Don’t take it personally if they act insulted at your offer. You have to pretend you do financial negotiations all the time, just like they do.

Do NOT reveal what you’re really willing to pay, because they will immediately clamp onto that figure and start working upwards from there. (When I revealed that number, I felt the balance of power shift.)

Work out the car price deal first before considering the value of any trade-in, because the figures get fast and confusing when they mix them together, plus there is lots of opportunity for them to discuss all the negatives of your trade-in.

Be ready to walk if you are not coming to an agreement you like, or if you feel like they’re trying to mess with you. Or ask for a few minutes alone (with your calculator) to recover from their patter, look at the figures and formulate your plan.

Also, this can take a long time, what with them consulting with their manager, etc., so be ready for that too.

You might be thinking to use CarMax or another no-negotiation car seller to avoid all that hassle, but if you are willing to do the homework and negotiate, I do think you will end up with a better deal than at a CarMax type place. (I know I did, comparing the similar cars and prices at those dealers with what I got.)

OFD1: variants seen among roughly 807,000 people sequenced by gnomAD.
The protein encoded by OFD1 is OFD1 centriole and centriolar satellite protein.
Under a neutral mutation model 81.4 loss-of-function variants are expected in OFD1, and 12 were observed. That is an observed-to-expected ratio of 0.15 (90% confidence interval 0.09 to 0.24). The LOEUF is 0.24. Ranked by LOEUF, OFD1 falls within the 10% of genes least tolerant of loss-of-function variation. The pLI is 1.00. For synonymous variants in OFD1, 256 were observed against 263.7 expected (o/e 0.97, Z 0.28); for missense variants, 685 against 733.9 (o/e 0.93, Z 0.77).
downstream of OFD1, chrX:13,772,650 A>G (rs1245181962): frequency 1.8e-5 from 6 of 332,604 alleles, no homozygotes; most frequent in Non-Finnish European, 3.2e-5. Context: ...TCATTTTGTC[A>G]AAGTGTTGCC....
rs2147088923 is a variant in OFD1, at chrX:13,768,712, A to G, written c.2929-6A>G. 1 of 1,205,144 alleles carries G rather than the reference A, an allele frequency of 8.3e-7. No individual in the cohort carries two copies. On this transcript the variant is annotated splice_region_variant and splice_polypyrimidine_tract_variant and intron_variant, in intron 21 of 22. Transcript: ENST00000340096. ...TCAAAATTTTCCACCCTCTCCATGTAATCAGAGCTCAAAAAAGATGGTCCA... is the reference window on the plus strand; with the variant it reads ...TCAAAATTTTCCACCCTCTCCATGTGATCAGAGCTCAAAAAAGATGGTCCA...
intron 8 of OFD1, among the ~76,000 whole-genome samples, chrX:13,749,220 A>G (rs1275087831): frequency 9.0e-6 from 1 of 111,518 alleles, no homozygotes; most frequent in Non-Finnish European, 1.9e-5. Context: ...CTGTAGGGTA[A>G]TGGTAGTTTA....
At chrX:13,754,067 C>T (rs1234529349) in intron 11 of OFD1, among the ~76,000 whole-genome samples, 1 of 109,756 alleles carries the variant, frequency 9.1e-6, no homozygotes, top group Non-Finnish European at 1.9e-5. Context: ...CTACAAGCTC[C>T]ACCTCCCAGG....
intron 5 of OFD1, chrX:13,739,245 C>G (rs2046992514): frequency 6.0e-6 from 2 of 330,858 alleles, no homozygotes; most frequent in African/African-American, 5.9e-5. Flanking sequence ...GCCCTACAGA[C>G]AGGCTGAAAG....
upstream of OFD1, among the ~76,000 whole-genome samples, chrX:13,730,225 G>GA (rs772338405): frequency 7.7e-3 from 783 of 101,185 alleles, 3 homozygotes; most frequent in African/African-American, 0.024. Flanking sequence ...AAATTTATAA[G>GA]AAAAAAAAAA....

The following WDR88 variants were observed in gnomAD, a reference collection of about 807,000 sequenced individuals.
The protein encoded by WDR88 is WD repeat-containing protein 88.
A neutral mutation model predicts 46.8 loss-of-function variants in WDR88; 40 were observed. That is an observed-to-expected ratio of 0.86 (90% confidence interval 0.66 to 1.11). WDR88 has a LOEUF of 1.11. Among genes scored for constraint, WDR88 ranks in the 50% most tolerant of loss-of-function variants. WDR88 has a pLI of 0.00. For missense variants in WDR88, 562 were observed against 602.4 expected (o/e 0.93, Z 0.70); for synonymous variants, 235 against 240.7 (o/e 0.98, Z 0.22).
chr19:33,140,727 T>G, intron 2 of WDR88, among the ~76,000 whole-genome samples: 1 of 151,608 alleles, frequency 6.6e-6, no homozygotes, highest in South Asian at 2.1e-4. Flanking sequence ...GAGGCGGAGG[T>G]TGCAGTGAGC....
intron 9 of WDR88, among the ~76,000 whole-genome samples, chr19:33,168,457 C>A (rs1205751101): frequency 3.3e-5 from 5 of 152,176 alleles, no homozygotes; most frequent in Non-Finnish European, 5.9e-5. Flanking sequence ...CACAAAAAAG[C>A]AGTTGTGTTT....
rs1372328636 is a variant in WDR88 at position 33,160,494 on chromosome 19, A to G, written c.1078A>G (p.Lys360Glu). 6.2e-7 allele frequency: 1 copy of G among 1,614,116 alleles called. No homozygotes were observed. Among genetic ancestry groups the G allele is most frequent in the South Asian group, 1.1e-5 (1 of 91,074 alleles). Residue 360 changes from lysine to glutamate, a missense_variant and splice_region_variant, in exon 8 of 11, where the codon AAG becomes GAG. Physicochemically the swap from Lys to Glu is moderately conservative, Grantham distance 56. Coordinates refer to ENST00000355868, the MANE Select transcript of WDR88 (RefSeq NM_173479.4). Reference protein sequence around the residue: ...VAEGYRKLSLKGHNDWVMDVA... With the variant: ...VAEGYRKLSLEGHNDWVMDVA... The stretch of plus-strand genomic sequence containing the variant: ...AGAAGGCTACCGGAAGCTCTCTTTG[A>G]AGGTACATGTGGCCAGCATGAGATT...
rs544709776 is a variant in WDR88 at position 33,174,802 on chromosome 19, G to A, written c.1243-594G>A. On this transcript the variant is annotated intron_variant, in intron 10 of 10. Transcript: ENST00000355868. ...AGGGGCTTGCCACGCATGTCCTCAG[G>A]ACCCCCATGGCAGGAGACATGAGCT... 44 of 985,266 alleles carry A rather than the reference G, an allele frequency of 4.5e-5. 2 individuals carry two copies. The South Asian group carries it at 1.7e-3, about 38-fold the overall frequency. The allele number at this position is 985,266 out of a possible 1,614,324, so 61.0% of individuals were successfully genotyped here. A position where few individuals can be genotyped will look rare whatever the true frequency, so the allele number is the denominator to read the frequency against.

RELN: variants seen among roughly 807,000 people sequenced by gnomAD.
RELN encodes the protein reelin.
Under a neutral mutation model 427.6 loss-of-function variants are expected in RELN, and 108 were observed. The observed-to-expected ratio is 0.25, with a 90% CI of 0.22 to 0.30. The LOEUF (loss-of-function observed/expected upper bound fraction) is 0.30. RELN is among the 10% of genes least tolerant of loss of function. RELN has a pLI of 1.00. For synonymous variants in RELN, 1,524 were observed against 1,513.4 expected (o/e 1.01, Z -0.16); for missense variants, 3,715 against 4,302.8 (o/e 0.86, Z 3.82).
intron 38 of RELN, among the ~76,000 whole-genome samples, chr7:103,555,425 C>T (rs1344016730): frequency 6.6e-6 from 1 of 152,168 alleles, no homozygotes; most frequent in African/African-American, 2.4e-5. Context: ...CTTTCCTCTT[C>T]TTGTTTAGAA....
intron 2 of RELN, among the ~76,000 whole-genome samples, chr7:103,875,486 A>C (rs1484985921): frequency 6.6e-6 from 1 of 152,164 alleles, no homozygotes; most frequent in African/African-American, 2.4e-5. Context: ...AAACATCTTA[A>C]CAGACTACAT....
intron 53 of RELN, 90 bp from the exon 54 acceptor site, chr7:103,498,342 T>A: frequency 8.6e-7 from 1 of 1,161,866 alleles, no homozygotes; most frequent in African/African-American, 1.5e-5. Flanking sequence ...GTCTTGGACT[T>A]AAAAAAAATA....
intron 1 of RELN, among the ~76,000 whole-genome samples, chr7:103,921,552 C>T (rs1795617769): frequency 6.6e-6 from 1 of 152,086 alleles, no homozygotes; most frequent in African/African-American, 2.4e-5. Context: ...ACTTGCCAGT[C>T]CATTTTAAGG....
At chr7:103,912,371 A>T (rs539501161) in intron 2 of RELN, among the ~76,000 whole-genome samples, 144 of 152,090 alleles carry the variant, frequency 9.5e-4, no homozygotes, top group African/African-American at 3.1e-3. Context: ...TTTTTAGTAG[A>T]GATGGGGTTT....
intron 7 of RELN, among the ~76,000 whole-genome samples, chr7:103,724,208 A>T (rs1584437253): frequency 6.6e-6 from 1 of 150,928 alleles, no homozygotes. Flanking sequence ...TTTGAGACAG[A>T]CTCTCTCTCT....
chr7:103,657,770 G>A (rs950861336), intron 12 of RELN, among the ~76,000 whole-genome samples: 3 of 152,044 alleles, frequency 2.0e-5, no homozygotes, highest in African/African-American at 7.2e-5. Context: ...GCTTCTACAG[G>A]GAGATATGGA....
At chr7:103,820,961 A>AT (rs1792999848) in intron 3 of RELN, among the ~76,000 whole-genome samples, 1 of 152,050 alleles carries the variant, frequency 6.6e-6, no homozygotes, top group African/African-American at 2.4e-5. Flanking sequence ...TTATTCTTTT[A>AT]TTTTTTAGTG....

It’s nice to have someone go with you, if possible. In my case, for awhile they kept trying to deal with my husband, but I was actually steering this particular purchase and they eventually figured that out (as B got out a novel to make it clear he really was not the negotiator) and they had to talk to me. We inadvertently had kind of a good cop, bad cop thing going on, because he was more ready to buy and I was seriously ready to walk, and I do think that saved us some money.

Good luck!

Okay, we can have a bonus photo from nature: lettuce at Powisett Farm, Dover, MA.

Axie Breen Photography Boston

 

Pink water lilies

DSC_0118I photographed this lily, but look closely at who else is in this shot!

DSC_0119

That’s right, a little frog has its nose stuck up there. And when we started looking for them, we saw loads of little frogs, still wearing their tadpole tails, enjoying their new ability to breath air, sunning themselves on the lily pads. (I can’t help but think, heron snacks.) I think these might be juvenile bullfrogs. There was a bullfrog at this pond with a call like a great foghorn.

DSC_0122DSC_0124DSC_0128DSC_0127DSC_0121

Water Lily (Nymphaea sp.)

Bonus photo: Lucy investigating the beaver lodge, which is about twice as big as last year.

beaver lodge

Young herons

I wondered how this heron nest could possibly weather the severe winter we had, but I was glad to see it still there and occupied this spring. I believe these are the young ones, looking a bit like bowling pins til they turned their heads…